Chengdu Cheating

December 28, 2015

I just returned to Shenzhen after what was mostly an awesome weekend in Chengdu, but today started off with an early morning cab ride to the Chengdu Research Base of Giant Panda Breeding (熊猫基地) where my cabbie tried to bilk me for double the fare.  My hotel hailed me a cab and when we were around the corner, he pulled out his phone and put a price in and said I should pay that.  I told him to turn the meter on and he told me it was too cheap.  Then I threatened to get of the cab, which was stopped at a light, and he finally agreed to turn the meter on.  Later on today, I ordered an Uber to go to the airport and at the toll plaza by the airport, the driver asked me for RMB14 for the toll.  Absent-mindedly, I handed him the money and he paid the toll.  When I was in line for security and received my Uber receipt via email, I saw that I was charged again for the same toll.  Now maybe my driver did not know that the app would include the toll or he decided the dumb foreigner would give him some extra cash.  I’m not sure, but I quickly fired off an email to Uber to alert them to what he did.

I spent a lot of time in cabs today, going to and from the pandas and then to the airport and ending the evening with a cab back to my room in Shenzhen.  I was stunned by the lack of road decorum in Chengdu and to a lesser extent, Shenzhen.  When I am here, I don’t take cabs often because I am not going all that far.  But in Chengdu, no one really follows the lanes noted on the road and at an intersection, cars weave in and out as they’re trying to make turns.  It’s sheer chaos, but somehow it generally works as long as everyone is refusing to play by the rules.  I think the likelihood of an accident goes up if someone actually attempts to drive safely.  It’s offensive driving at it’s best and worst.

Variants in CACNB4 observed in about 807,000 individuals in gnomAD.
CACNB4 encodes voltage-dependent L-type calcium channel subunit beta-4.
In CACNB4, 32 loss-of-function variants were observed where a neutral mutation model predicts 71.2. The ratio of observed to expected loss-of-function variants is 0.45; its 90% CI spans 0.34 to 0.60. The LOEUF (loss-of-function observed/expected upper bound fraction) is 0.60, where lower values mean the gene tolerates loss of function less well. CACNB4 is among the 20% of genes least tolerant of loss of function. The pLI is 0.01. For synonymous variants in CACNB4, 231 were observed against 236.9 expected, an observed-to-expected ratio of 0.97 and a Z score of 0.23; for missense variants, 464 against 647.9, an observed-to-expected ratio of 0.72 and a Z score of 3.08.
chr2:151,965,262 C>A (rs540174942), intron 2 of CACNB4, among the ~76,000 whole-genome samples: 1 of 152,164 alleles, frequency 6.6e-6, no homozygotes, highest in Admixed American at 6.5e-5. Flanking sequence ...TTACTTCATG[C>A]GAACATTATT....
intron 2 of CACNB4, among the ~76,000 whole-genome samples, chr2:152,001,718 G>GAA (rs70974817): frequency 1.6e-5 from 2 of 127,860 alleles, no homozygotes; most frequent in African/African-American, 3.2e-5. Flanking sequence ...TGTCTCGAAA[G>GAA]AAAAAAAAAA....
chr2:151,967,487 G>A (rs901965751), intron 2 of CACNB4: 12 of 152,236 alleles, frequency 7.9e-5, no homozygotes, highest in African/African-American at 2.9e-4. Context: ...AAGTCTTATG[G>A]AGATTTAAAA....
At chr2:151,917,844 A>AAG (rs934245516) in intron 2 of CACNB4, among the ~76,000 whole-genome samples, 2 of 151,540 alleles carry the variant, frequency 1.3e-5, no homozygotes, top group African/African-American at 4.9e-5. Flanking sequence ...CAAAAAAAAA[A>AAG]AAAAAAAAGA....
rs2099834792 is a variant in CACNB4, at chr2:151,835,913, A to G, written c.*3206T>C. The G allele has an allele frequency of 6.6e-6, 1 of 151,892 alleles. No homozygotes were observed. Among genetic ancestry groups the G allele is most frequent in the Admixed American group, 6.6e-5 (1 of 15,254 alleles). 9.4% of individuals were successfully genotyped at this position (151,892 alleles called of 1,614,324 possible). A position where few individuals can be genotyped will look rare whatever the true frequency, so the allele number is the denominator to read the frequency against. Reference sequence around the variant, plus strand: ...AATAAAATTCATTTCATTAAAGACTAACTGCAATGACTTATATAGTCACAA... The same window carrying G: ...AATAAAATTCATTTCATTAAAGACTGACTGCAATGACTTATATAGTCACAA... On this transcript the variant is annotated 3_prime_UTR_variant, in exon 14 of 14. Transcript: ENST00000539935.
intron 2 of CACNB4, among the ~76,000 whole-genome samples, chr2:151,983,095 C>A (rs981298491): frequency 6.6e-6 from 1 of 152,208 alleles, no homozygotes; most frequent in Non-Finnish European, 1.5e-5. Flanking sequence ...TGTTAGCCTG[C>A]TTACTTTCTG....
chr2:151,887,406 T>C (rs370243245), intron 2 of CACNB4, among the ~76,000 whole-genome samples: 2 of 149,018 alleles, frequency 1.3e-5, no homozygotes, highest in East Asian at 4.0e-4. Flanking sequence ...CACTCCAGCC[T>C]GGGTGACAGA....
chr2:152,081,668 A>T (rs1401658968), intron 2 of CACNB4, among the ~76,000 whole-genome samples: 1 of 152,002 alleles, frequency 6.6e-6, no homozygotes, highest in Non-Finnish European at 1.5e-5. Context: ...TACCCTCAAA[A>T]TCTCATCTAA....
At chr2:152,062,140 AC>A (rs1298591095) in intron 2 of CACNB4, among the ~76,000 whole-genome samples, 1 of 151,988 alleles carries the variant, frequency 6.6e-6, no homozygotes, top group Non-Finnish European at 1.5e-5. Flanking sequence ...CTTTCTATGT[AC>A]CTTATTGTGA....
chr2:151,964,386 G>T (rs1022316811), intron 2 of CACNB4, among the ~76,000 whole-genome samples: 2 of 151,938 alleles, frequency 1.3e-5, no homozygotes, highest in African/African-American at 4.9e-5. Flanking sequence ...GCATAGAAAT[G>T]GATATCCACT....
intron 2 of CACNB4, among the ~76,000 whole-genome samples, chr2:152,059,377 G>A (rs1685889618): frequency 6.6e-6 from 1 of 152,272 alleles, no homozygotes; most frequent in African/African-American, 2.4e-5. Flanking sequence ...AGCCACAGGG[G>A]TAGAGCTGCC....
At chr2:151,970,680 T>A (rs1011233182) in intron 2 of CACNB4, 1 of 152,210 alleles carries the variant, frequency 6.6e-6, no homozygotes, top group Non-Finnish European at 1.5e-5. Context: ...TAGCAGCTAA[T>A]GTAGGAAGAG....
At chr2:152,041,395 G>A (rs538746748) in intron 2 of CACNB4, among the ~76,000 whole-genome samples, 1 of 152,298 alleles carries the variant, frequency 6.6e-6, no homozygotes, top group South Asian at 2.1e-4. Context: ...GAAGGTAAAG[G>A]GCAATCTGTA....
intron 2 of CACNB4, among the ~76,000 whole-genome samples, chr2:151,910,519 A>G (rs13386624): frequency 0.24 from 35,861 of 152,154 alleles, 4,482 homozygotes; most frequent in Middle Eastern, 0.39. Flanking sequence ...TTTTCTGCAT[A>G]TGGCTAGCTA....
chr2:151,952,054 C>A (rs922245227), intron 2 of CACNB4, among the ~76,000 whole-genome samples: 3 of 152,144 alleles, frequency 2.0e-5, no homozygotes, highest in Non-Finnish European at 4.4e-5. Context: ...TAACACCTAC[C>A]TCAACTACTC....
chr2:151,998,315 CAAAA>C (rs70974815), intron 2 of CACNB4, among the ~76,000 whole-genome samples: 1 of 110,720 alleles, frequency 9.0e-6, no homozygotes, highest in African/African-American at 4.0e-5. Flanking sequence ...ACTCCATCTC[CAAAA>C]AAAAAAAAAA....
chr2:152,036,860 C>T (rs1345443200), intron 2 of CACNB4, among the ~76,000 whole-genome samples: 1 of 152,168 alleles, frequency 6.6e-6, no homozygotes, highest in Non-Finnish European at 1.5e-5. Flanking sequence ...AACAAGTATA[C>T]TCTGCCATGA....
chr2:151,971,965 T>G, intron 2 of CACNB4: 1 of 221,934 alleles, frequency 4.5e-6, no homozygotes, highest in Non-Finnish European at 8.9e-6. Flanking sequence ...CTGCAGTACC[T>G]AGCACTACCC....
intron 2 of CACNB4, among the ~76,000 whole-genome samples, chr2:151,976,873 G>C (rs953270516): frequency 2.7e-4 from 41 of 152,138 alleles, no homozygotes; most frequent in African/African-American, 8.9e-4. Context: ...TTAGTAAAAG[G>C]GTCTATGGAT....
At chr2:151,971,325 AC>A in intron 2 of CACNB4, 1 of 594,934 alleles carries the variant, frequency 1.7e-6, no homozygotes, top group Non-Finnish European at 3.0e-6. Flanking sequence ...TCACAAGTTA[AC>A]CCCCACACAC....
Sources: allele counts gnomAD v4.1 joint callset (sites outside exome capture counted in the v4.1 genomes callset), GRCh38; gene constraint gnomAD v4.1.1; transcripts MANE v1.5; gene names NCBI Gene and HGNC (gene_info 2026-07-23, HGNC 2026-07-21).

This post is meant to tie up a lot of loose ends from the weekend, but I could not help but comment on the fact that China’s rubber stamp parliament passed the country’s first anti-terror law today.  It’s an odd concept in a state where the police and other public safety agencies already pretty much have carte blanche to do that they want to reign in the population when they’re acting out of line.  It will most likely be another way to justify repressing groups or individuals who take actions thought to be against the state.  After so many years, I should not be amazed, but I find myself baffled because upon reading that today, I had the thought that I am making a life for myself out here and interacting on the regular with a state that is seeking total control over or at least the ability to monitor its population in terms of thought, expression, and actions.

But really the best thing to happen today were the pandas.  I arrived at the Base right before 8:00am with the sun just coming up and at least 30 minutes before the first tour buses arrived, so I pretty much had the place to myself.  Though I saw more Westerners there than I had the entire weekend or even in Shenzhen for that matter.  I guess all us foreigners had the same idea to see the pandas on a cold winter’s morning right after Christmas.

So without writing anymore, here are some pictures and videos of today’s main attraction.

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A panda giving face before he tears into that bamboo

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Pandas

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More pandas

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Baby pandas sleeping

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And yet another

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